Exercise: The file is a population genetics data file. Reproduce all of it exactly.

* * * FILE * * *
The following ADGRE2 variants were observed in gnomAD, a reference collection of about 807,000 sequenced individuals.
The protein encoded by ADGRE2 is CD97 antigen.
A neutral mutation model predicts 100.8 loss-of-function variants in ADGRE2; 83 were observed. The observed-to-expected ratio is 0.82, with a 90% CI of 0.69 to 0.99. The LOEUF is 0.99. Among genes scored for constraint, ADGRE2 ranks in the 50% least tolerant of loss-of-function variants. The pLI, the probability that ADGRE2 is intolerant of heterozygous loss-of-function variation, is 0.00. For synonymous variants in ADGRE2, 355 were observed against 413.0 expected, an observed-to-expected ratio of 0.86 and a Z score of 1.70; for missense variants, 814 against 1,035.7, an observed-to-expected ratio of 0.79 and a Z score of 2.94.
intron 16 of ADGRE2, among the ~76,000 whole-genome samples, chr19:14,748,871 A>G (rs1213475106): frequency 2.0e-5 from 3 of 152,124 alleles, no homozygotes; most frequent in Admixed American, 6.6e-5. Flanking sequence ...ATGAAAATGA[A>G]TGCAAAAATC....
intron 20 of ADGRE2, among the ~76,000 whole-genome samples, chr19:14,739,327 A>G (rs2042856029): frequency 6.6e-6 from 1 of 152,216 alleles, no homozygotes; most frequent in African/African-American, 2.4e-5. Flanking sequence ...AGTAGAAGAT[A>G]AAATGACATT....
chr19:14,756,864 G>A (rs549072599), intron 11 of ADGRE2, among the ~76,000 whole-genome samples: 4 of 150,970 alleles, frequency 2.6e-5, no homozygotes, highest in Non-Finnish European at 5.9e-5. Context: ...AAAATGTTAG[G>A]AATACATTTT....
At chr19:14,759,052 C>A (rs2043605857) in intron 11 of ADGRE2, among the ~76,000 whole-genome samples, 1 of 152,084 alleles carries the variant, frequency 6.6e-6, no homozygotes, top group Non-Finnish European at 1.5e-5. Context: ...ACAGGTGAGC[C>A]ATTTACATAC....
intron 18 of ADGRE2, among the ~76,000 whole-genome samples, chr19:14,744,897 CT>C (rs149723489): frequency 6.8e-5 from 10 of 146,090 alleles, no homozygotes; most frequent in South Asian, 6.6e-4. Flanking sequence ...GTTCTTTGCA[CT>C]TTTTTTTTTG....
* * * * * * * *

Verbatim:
The following ADGRE2 variants were observed in gnomAD, a reference collection of about 807,000 sequenced individuals.
The protein encoded by ADGRE2 is CD97 antigen.
A neutral mutation model predicts 100.8 loss-of-function variants in ADGRE2; 83 were observed. The observed-to-expected ratio is 0.82, with a 90% CI of 0.69 to 0.99. The LOEUF is 0.99. Among genes scored for constraint, ADGRE2 ranks in the 50% least tolerant of loss-of-function variants. The pLI, the probability that ADGRE2 is intolerant of heterozygous loss-of-function variation, is 0.00. For synonymous variants in ADGRE2, 355 were observed against 413.0 expected, an observed-to-expected ratio of 0.86 and a Z score of 1.70; for missense variants, 814 against 1,035.7, an observed-to-expected ratio of 0.79 and a Z score of 2.94.
intron 16 of ADGRE2, among the ~76,000 whole-genome samples, chr19:14,748,871 A>G (rs1213475106): frequency 2.0e-5 from 3 of 152,124 alleles, no homozygotes; most frequent in Admixed American, 6.6e-5. Flanking sequence ...ATGAAAATGA[A>G]TGCAAAAATC....
intron 20 of ADGRE2, among the ~76,000 whole-genome samples, chr19:14,739,327 A>G (rs2042856029): frequency 6.6e-6 from 1 of 152,216 alleles, no homozygotes; most frequent in African/African-American, 2.4e-5. Flanking sequence ...AGTAGAAGAT[A>G]AAATGACATT....
chr19:14,756,864 G>A (rs549072599), intron 11 of ADGRE2, among the ~76,000 whole-genome samples: 4 of 150,970 alleles, frequency 2.6e-5, no homozygotes, highest in Non-Finnish European at 5.9e-5. Context: ...AAAATGTTAG[G>A]AATACATTTT....
At chr19:14,759,052 C>A (rs2043605857) in intron 11 of ADGRE2, among the ~76,000 whole-genome samples, 1 of 152,084 alleles carries the variant, frequency 6.6e-6, no homozygotes, top group Non-Finnish European at 1.5e-5. Context: ...ACAGGTGAGC[C>A]ATTTACATAC....
intron 18 of ADGRE2, among the ~76,000 whole-genome samples, chr19:14,744,897 CT>C (rs149723489): frequency 6.8e-5 from 10 of 146,090 alleles, no homozygotes; most frequent in South Asian, 6.6e-4. Flanking sequence ...GTTCTTTGCA[CT>C]TTTTTTTTTG....